A pleasant surprise

A pleasant surprise

Emily Vu


Girls varsity swimmers no longer disqualified from CCS

With the Central Coast Section playoffs coming up right around the corner, the girls varsity swimmers were practicing their racing technique eagerly, unaware of the misfortune that would soon occur.
Freshman Michelle Chan, sophomore Tammy Yau, juniors Nicolet Danese and Tiffany Do and senior Chelsea Fong qualified for CCS playoffs by swimming faster than the set time standard. Unfortunately, a mishap occurred when coach Don Vierra entered in their events, disqualifying the Lady Matadors from competing in CCS and ending their league season abruptly.
"Our season is over, randomly," Danese said. "It's disappointing because you get ready the whole season for CCS. We had fun at leagues, and it was still a memorable season, but it just didnt end the way we wanted to."

Vierra had thought he sent in the events to the CCS committee by the May 16, 11 a.m. deadline, but the email had actually been stored in his drafts after he closed the window. Although he discovered this mistake at 7 p.m. that evening, the program was already made, and there was nothing the CCS committee could do to squeeze the Lady Matadors' events in. 
"I'm devastated that my oversight has negatively affected the lives of my student-athletes," Vierra said.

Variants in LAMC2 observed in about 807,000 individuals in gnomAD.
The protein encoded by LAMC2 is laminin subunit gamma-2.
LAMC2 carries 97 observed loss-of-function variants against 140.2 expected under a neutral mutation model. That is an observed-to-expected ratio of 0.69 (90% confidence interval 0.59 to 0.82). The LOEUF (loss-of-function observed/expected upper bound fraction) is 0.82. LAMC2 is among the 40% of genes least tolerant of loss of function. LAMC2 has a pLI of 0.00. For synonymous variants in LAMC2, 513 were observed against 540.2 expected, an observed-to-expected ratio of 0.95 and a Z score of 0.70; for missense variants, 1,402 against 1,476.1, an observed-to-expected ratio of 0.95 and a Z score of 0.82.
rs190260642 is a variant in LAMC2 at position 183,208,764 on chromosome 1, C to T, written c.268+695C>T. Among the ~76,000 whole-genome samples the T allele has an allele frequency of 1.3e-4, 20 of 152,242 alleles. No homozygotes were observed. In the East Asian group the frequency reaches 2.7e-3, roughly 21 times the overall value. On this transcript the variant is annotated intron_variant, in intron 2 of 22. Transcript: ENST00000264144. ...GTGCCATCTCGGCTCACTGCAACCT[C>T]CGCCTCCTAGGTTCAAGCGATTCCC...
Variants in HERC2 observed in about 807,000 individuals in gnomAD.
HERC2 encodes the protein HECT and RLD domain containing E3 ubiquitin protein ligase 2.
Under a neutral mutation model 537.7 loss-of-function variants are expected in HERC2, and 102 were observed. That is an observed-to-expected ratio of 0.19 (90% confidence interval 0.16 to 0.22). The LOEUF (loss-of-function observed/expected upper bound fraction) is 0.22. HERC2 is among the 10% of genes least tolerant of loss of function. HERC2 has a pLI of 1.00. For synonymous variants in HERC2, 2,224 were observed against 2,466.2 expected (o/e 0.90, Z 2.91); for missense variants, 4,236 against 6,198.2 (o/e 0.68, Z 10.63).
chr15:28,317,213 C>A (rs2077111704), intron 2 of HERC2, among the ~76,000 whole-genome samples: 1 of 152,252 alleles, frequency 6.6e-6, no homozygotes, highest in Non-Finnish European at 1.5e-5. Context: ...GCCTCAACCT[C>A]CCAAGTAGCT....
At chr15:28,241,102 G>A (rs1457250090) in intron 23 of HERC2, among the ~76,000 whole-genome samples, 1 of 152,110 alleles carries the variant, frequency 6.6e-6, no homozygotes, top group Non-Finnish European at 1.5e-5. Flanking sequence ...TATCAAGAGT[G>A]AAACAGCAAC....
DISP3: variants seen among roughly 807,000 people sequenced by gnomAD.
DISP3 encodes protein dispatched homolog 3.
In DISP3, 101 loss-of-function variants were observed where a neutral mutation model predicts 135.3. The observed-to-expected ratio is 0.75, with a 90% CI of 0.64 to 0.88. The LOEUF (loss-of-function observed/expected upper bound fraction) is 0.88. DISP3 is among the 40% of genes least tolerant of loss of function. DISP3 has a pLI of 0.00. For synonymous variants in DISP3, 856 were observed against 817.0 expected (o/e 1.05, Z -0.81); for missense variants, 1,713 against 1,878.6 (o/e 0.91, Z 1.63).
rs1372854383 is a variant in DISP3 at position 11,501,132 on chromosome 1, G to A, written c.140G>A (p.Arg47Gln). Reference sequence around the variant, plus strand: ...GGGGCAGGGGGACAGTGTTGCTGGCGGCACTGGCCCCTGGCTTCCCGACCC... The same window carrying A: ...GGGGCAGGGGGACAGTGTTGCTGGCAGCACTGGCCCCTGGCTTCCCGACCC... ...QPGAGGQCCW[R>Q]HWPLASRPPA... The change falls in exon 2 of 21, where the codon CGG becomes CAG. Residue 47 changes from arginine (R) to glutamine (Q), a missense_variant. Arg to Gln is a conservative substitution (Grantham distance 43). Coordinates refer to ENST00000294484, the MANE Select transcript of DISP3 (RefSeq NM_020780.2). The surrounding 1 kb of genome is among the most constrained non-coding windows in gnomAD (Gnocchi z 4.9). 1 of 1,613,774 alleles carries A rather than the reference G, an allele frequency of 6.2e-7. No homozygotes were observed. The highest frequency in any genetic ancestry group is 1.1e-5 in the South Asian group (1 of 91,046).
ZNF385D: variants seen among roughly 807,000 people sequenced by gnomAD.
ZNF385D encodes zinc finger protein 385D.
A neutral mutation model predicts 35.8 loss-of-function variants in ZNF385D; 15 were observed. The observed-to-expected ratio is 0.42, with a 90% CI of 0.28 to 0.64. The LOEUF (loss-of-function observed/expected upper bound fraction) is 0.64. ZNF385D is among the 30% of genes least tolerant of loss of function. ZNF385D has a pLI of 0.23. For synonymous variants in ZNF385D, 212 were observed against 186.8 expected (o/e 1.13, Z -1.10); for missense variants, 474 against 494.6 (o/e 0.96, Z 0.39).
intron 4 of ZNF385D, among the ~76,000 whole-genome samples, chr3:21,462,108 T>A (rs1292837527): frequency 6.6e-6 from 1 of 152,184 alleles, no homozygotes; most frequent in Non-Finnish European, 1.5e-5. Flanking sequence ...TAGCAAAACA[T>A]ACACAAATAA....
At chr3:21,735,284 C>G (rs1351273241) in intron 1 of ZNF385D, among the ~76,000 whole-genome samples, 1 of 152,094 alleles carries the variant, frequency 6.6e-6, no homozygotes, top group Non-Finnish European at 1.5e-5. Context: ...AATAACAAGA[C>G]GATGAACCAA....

"I think Don took the hardest hit," Chan said.  "He's taking it really hard on himself, but we all know that it was an accident. When he told us on Monday, I could tell by his tone that he was really sorry."

Despite this upset, the Lady Matadors will still have a walk-on meet on May 23 to look forward to. This non-league meet is a more relaxed meet with not as much competition, but it will allow the girls varsity swim team to finish their successful year together.  
Updated on May 23
On May 21, the morning of the CCS swim meet, each of the five qualifying members of the girls varsity swim team received green slips requesting them to report to principal April Scott. It turns out that they would be able to compete in CCS in just a few years hours after all.

A male swimmer from another high school (both sources wish to remain anonymous) filed a lawsuit against the CCS association when he was disqualified from competing after his coach failed to send in the event forms — a similar misfortune that the Lady Mats could relate to. The court decided that the boy should not be punished for his coach's mistake and was thus allowed to compete that afternoon. Because of this verdict, all other swimmers originally disqualified for the same reasons had their disqualifications withdrawn and were allowed to compete. 

Though initially confused by this last-minute change, the five girls representing MVHS hastily donned their swimsuits and went out to compete. Though most of them had not been in the water for a week after their first notice of disqualification, the Lady Mats still made quite a splash in the competition, placing 14th out of 33 participating schools. Fong did especially well, placing second in both her 100 and 200 yard freestyle events, truly giving it her all in the final CCS competition of her high school career.